-ON THE AGENDA-
By Elizabeth Perry
Plans to further expand the staff of the Stowe Township Police Department have been put on hold.
At the township’s July 12 meeting, commissioners tabled the promotion of Officer James Duss to Deputy Chief of Police and head of the Civil Service Commission, a part-time police position, and the purchase of software to enhance police investigations.
“We doubled our police force in the last six months due to the shooting and drugs,” said President Robin Parilla.
Commissioners Cheryl McDermott and David Rugh suggested tabling the appointments at the night’s previous meeting. McDermott said she’d heard nothing about the positions or candidates until they were expected to vote about them. Both commissioners wanted more time to gather information about Officer Duss and what his promotion would mean. A job description for the Deputy Chief of Police job had not been completed at the time, according to Secretary Dwight Boddorf.
“It was not advertised, no tests given, no amount of money given,” McDermott said in an interview after the meeting. She went on to say that in an important matter like hiring the assistant chief of police, “you’ve got to do it right.”
Upon request, a first draft of the job requirements was sent to Gazette 2.0 and the summary states:
“The Deputy Police Chief assists the Police Chief in planning, organizing, and directing the patrol, investigative, administrative, internal affairs, and support service activities of the department; and assumes responsibility for the Department in the Chief’s absence.”
Parilla said he’d had his eye on Duss for several years, and he was the only candidate being considered for the job. A salary of between $78,000 to $88,000 was being considered for the role, said Parilla.
Duss has been with the township starting as a part-time officer in 2014 and full-time in 2017, according to Boddorf. Police Chief Matt Preininger said Duss has been effective in his role as an officer and he had positive feelings about Duss’ selection.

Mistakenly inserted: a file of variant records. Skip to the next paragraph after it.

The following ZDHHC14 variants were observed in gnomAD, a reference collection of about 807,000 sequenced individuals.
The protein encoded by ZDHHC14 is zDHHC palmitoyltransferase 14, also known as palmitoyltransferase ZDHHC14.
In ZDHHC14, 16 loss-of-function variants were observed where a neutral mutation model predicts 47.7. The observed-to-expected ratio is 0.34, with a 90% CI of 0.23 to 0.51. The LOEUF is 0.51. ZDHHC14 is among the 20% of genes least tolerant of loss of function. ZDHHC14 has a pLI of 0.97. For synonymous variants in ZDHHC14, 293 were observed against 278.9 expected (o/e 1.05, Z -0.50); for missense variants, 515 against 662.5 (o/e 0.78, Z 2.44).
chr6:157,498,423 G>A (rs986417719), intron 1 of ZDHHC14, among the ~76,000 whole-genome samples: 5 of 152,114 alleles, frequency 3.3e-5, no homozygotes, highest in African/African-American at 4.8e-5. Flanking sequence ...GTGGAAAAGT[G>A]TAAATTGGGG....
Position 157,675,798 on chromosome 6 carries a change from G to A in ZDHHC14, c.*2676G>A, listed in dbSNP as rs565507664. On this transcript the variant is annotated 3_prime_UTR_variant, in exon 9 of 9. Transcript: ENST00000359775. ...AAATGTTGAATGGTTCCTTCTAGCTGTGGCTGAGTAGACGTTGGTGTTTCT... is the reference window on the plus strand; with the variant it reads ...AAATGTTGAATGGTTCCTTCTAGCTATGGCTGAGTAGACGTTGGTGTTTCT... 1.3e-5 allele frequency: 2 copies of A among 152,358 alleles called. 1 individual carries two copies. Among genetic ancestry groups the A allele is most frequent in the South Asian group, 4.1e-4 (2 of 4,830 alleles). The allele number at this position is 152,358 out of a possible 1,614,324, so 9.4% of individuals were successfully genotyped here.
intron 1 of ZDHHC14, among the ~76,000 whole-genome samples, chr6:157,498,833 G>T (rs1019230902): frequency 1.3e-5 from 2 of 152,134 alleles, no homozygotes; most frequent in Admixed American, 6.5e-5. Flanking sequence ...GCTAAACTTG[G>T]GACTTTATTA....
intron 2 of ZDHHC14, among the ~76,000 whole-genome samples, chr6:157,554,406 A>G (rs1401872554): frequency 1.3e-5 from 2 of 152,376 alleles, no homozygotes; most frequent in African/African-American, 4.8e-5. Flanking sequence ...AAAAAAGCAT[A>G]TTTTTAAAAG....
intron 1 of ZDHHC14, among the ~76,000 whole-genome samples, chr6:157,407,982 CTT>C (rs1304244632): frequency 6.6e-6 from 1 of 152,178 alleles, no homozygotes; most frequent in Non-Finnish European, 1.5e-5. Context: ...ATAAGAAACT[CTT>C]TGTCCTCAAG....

The board pushed back approval of the request for an Accurint software purchase. The software would enable officers to do research on suspects in an expedited fashion. Powered by Lexus-Nexus and tailored for police, the software is an easily navigable search engine full of specific, relevant information collected by law enforcement agencies across the country. The software would be paid for by the asset forfeiture fund and costs. According to the software website, prices vary depending upon usage.
Also tabled, the hiring of part-time officer Regan Halstead. She is a recent graduate of the Indiana University of Pennsylvania academy at Robert Morris University who approached the Stowe police about joining the force. Halstead responded to a request from Chief Preininger. This would be her first police job.
“We are typically always trying to hire qualified part-time officers,” Preininger said via email after the meeting.
Currently Stowe has 11 full-time police officers and two part-time officers with a third part-time position approved just this week according to Buddorf.
“The Township added two full-time and two part-time officers in 2021 and two full-time officers in 2019,” Buddorf said via email.
He added that there have been other safety measures besides additional officers, including reinstating business checks where the police check to ensure businesses are locked and safe at night, adding two new police cars since 2019 and acquiring the first police SUV this year.